6. There was a healthy tradition of polyphony (singing in parts) and antiphony (singers, or sub-groups, singing 'against' one another across a large space such as the interior of a major church or cathedral) by the Tudors ~ say, four or even five centuries ago. Like any other technique (such as organ-building), there would always be the implicit challenge to 'go one bigger', even, than the vocal and brass choirs of that golden age in Venice.
    Thomas Tallis (1505 - 85) famously made a setting of the liturgical text Spem in alium nunquam habui ... for how many voices?
    It was tempting to wax very fanciful with some of the false answers here! The piece is nonetheless a technical and logistical challenge, and rightly described as a 'crowning' achievement of early choral music in the words of more than one scholar. The copies are necessarily about as big as a traditional broadsheet newspaper, so the assembled singers look not unlike a railway-carriage's-worth of commuters whiling away the wait for their morning train! And that's without mentioning the actual sound ...
  7. About 100 years ago, astute and sensitive musicians were aware that modern life and technology were likely to drown out the old traditions of folksong: simple songs that people had sung for generations as they walked and worked etc.. The threats seemed to come from the rise of 'mechanical music on demand' (from the gramophone and radio), the pace of life, and that people were somehow less likely to sing, singly or severally, in moving motor vehicles.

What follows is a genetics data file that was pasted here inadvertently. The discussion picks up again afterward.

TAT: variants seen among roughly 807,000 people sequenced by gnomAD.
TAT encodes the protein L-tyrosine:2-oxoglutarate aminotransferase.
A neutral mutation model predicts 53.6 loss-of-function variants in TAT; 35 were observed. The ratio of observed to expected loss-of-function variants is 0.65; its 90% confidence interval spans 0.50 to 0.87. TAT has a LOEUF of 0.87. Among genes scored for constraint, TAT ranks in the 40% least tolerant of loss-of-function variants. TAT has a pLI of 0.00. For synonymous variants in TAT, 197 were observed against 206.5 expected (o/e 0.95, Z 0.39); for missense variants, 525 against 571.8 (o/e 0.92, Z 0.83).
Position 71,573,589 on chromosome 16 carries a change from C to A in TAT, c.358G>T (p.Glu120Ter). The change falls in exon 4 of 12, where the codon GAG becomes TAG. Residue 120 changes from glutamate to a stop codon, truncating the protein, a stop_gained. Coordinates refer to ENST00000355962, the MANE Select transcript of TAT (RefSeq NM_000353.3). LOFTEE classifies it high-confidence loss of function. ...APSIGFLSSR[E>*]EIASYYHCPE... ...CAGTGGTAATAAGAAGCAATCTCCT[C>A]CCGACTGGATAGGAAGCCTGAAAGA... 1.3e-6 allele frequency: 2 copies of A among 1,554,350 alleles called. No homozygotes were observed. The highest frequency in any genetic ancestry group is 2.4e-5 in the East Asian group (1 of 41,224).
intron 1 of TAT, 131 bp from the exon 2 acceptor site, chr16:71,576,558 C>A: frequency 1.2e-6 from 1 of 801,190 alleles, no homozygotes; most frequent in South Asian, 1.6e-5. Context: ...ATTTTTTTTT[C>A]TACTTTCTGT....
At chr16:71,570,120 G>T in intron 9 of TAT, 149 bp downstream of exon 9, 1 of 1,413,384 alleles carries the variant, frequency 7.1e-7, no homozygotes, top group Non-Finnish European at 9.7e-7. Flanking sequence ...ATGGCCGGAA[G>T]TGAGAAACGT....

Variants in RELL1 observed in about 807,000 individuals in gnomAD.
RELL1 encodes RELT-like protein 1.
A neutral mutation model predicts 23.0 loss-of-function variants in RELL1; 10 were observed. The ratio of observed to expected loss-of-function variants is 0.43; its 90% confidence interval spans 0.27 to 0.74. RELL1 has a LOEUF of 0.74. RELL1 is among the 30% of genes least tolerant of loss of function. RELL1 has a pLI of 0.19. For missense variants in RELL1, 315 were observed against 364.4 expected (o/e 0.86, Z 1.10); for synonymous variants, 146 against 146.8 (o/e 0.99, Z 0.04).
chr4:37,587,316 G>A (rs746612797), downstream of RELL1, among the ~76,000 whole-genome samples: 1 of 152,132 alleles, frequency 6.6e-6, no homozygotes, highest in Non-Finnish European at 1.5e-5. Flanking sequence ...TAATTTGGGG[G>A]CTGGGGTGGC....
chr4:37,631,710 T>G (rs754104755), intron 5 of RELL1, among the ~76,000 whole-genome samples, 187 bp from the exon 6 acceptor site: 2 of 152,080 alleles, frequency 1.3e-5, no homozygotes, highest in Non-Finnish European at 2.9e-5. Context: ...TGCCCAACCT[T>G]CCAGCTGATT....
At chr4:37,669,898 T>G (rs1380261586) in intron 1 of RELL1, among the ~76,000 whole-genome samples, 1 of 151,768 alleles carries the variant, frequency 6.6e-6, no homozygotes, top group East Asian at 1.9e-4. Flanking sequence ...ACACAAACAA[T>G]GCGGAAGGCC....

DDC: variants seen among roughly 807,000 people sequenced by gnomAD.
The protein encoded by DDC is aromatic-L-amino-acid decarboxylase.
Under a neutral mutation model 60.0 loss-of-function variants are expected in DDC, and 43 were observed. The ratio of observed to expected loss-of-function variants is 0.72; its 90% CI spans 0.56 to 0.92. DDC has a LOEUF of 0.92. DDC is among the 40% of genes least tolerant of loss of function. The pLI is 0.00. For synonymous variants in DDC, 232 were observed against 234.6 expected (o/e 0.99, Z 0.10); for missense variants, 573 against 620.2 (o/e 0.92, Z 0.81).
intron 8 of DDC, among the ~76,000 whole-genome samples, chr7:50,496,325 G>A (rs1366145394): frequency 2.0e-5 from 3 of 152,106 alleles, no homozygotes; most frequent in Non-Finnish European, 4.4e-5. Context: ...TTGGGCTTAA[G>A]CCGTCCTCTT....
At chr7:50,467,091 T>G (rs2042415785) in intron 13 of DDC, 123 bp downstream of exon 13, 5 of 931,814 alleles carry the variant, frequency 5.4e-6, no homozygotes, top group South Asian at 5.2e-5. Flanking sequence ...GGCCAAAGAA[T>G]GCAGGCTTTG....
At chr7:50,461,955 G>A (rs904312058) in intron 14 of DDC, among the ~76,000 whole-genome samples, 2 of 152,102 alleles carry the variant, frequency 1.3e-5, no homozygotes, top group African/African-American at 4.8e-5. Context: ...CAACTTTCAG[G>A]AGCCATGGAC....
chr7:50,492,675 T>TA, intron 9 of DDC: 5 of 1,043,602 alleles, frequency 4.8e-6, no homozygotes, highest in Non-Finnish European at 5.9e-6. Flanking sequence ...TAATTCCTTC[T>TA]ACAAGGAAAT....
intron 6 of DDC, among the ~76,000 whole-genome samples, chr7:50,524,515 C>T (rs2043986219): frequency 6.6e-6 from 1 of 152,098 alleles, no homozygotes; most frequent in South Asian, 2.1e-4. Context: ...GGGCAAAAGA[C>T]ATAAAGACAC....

All but one of the following were gathering, recording, notating, publishing and otherwise actively preserving and using folksong at around this time; who was the odd one out?
    Sweelinck (and he was by no means the only one) was making similar use of folk tunes about three centuries beforehand!
  8. Which of these vocal types is the odd one out?
    These are all types of soprano, except the Baritone, which is the 'middle' category of adult male voice
  9. One of the most sublime pieces of choral music is Mozart's communion motet Ave verum corpus (K.618, written for the festival of Corpus Christi in 1791). How many bars of music does it contain?
    This is surely one of the most sublime, complete yet compact pieces of music ever created
  10. We are probably now fairly sure what a 'vocalist' is, but what is a Vocalise?
    There is a very famous and hauntingly beautiful example by Sergei Rachmaninov (his op.34 no.14, of 1912, so one might [probably wrongly, but by coincidence] think of it as a threnody for the Titanic), and another in the wordless refrain of Solvejg's Song from the incidental music to Ibsen's Peer Gynt by Grieg.
    The piece lends itself to rearrangement for other more conventional instruments from the cello to the organ (separately; or possibly, indeed, together!)

 

Author: Ian Miles